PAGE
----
There's no question that seething synth duo Light Asylum is one of the best new bands in New York. Shannon Funchess and Bruno Coviello draw from an impossibly broad range of synthpop and industrial sounds, expertly paired with unexpectedly dynamic emotional shifts from song to song. At Tuesday's Knitting Factory show, they opened with the sweetly powerful "Angel Tongue," which has the bouncing melodic brightness of early Depeche Mode and a somber marching drumbeat. By the second song, "Dark Allies," Funchess' snarl had ripped the room in half, her sandpaper scream and rich low voice dripping sweet hoarse honey as she delivered each carefully enunciated line. Rapturous reverie was replaced by claws-out vehemence, with killer beats kissed with the kick of Nitzer Ebb and mid-period Ministry. What followed was a set running the gamut from romantic contemplative musings to cutting aural aggressivity: it was nearly impossible to choose favorites. See the videos below for further evidence...
Above photo, second video: Jeff Elstone
Tuesday, April 20, 2010
Monday, April 19, 2010
Ten years after I last saw them play in our hometown of DC, Trans Am is still sonically crucifying the post-rock competition. During an hour-long set at Brooklyn's Knitting Factory, the trio played with dedicated intensity while still keeping a lightness and humor to offset their chilled Teutonic synthfunk. The set included songs old ("City In Flames" off of 1999's Futureworld roared forth with divine precision) and new. In fact, tomorrow marks the debut of Trans Am's 13th release, Thing.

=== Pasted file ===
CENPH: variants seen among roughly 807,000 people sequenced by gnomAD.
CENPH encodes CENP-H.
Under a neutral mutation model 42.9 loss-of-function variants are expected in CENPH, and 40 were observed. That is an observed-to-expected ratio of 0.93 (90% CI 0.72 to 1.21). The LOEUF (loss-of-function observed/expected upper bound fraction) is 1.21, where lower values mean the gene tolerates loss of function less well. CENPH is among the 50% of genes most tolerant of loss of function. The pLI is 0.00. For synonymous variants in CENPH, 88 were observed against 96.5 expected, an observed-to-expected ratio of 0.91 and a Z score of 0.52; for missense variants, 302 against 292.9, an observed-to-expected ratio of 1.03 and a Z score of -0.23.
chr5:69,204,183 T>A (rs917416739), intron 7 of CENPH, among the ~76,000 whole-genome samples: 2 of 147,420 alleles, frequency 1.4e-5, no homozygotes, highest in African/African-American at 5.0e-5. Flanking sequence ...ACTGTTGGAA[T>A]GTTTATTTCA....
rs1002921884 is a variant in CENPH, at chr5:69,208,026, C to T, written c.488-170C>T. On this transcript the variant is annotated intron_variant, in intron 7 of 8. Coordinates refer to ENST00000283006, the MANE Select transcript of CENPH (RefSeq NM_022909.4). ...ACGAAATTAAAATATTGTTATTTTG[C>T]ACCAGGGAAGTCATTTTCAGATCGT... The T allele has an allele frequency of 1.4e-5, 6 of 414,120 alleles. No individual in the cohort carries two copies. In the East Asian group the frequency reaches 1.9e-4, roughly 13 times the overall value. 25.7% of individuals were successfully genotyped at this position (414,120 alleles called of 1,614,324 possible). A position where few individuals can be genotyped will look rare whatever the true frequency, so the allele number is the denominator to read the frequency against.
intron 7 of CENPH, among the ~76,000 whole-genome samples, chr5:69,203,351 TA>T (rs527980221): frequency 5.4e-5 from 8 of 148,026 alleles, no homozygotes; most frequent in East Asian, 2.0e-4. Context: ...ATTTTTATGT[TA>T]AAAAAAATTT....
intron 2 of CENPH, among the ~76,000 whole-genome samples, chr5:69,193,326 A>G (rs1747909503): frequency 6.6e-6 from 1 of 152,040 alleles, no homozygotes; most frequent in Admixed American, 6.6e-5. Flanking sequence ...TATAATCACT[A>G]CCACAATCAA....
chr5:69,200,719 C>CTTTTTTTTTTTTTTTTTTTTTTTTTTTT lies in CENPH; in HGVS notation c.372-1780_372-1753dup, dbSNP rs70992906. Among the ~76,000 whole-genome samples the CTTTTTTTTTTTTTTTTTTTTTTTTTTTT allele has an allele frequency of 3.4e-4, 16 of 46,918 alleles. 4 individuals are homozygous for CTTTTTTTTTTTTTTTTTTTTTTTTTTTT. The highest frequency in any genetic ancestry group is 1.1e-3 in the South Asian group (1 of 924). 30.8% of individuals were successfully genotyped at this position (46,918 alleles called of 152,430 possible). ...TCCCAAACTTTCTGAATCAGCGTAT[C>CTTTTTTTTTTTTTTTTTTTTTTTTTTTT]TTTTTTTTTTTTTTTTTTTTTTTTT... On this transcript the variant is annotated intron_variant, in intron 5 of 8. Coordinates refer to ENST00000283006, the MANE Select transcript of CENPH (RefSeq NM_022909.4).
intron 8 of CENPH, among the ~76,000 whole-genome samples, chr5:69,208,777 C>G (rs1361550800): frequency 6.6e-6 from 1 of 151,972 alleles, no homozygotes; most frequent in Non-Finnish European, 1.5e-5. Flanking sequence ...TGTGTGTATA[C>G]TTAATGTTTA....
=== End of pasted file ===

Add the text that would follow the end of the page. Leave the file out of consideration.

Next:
The new record is part muscular Man Machine, part montage music for an 80's action thriller. Live and on Thing, drummer Sebastian Thomson's voracious pummelling is the rock solid core of the band's sound. On "Black Matter" and "Arcadia" in particular, his heavy groove is situated seamlessly with the vocoded robot vocals that float atop the mix, swarming through hypnotic synths and unsettling guitar lines by Phil Manley and Nathan Means. Although it's been nearly 20 years since Trans Am started as an Oberlin college side project, they're still kicking out some killer (mostly) instrumental jams.
PH: Naomi Ramirez
Friday, April 16, 2010
Subverting the good 'ol strip club adage 'Look But Don't Touch' with her new book of handcrafted "pop-up" braille erotica, photographer Lisa J. Murphy's Tactile Mind is not only meant to be felt, but "felt up." Certainly a (sex) positive step towards including a population often passed over by the porn industry.